The jobs are in Houston, according to the LinkedIn’s Workforce Report

Finance news

If you’re looking for a job in the energy or oil industries, Houston might be your best chance of scoring a steady gig.

While oil and energy jobs increased 5.2 percent nationally in the last year through May, the numbers were more than double that in Houston — up 12.4 percent, according to the LinkedIn Workforce Report, a monthly analysis of employment trends.

The report, released Wednesday, also showed that Houston’s tight labor market, with more jobs than people in some fields, makes the city especially desirable for job seekers. In February 2016, there were more than 16,000 people with the skills to work in trades like petroleum engineering, energy and geology. Two years later, that number had dropped to fewer than 14,000 people.

In fact, right now, throughout the nation, there are more jobs than people out of work, something that was reflected in the Labor Department’s recent jobs report.

“It has been such an insane run for hiring,” said LinkedIn Editor-in-Chief Daniel Roth, a CNBC contributor.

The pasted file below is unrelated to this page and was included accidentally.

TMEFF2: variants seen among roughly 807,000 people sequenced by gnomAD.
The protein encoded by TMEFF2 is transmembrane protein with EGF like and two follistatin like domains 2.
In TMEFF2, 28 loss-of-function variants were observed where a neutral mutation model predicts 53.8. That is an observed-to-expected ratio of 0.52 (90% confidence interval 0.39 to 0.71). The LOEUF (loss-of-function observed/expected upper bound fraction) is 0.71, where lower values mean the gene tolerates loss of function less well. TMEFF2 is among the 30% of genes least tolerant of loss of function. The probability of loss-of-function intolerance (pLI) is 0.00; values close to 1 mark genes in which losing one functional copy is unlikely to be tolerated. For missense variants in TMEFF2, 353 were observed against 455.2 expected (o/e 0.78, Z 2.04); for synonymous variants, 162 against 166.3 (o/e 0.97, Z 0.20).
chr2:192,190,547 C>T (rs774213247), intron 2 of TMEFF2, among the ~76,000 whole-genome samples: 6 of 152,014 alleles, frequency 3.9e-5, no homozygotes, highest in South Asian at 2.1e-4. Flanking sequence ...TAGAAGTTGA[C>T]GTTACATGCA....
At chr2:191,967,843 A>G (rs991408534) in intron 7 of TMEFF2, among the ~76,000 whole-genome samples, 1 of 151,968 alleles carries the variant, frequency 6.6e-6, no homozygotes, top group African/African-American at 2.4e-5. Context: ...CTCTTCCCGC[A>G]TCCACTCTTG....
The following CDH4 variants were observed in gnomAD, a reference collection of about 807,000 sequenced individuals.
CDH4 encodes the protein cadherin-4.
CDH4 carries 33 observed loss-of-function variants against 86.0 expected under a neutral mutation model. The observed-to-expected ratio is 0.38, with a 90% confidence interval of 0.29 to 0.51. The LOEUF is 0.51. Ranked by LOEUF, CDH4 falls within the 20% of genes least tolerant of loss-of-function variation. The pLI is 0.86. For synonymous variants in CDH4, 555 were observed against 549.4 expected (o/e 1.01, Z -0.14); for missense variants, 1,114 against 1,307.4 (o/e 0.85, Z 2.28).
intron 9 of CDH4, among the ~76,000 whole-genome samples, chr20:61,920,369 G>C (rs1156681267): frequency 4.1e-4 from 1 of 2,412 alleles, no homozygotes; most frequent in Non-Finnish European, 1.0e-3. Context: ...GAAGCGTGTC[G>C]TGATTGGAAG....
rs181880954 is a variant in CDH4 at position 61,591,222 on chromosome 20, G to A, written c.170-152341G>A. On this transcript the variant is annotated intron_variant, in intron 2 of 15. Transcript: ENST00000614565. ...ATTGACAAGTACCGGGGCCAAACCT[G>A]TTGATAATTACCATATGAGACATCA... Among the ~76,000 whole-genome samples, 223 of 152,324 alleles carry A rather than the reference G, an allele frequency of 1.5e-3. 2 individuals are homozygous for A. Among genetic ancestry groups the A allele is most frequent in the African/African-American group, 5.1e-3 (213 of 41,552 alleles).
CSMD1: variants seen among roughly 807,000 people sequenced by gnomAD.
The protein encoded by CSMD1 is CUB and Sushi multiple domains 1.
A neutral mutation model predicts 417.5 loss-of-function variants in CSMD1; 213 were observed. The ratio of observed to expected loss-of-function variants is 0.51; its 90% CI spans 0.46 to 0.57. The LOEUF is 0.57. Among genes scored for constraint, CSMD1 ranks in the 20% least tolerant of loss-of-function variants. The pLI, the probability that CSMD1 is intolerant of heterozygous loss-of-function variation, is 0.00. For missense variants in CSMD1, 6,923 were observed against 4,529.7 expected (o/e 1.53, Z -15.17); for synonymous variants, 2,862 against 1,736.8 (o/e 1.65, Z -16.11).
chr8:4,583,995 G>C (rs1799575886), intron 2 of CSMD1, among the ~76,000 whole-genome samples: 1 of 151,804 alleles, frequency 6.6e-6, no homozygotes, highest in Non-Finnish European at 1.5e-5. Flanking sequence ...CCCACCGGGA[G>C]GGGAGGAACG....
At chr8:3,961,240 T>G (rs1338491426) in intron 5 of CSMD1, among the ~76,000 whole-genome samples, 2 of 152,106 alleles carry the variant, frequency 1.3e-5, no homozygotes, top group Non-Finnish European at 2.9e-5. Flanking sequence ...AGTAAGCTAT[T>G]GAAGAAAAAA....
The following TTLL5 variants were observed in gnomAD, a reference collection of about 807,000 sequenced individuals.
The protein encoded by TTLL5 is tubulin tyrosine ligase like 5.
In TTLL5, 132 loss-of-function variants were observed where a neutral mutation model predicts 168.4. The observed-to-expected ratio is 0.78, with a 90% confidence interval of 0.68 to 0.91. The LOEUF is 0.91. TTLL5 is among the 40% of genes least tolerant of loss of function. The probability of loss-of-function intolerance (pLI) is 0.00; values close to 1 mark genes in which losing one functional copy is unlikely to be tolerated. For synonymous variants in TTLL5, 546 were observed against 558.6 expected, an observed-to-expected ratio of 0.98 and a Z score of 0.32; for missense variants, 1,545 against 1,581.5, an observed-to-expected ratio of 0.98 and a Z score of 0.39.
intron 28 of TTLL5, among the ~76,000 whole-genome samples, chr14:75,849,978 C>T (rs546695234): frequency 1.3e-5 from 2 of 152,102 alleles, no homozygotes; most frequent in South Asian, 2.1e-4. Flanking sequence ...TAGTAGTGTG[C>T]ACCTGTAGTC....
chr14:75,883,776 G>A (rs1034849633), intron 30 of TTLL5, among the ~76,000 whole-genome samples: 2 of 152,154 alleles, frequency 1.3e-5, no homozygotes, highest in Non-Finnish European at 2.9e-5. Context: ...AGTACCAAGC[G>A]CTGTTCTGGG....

The question is now, “If you’re an employer, where do you find these workers?” Roth said on CNBC’s “Squawk Box.”

Other industries in Houston with skills shortages include marketing, event management, construction and nonprofit fundraising. The city was hit hard by Hurricane Harvey last summer, perhaps another reason why America’s fourth largest city is now a hot spot for some industries.

An abundance of industries to choose from is also a safer bet for employees. The report pointed out that when a city is dependent on one sector to fuel employment — whether it be San Francisco’s tech industry or New York’s financial markets — this can be especially troublesome should the sector or economy go bust.

Nationally, hiring across all U.S. industries rose 4.5 percent in May from a year earlier. Other growth sectors were aerospace, automotive and transportation industries, which rose 7.5 percent in May, compared with the year before, and finance and insurance, which was up 6.4 percent in the last year.

And the people looking for jobs in May tended to be heading West. Cities that saw an influx of workers included Denver (nearly 75,000), Austin, Texas (68,000), Seattle (62,000 people), and Las Vegas (about 61,000). Houston wasn’t among the top 10 gainers.

Meanwhile, Northeastern cities like Hartford, Connecticut, and Providence, Rhode Island, lost more than 50,000 workers.

WATCH: LinkedIn’s Daniel Roth talks hiring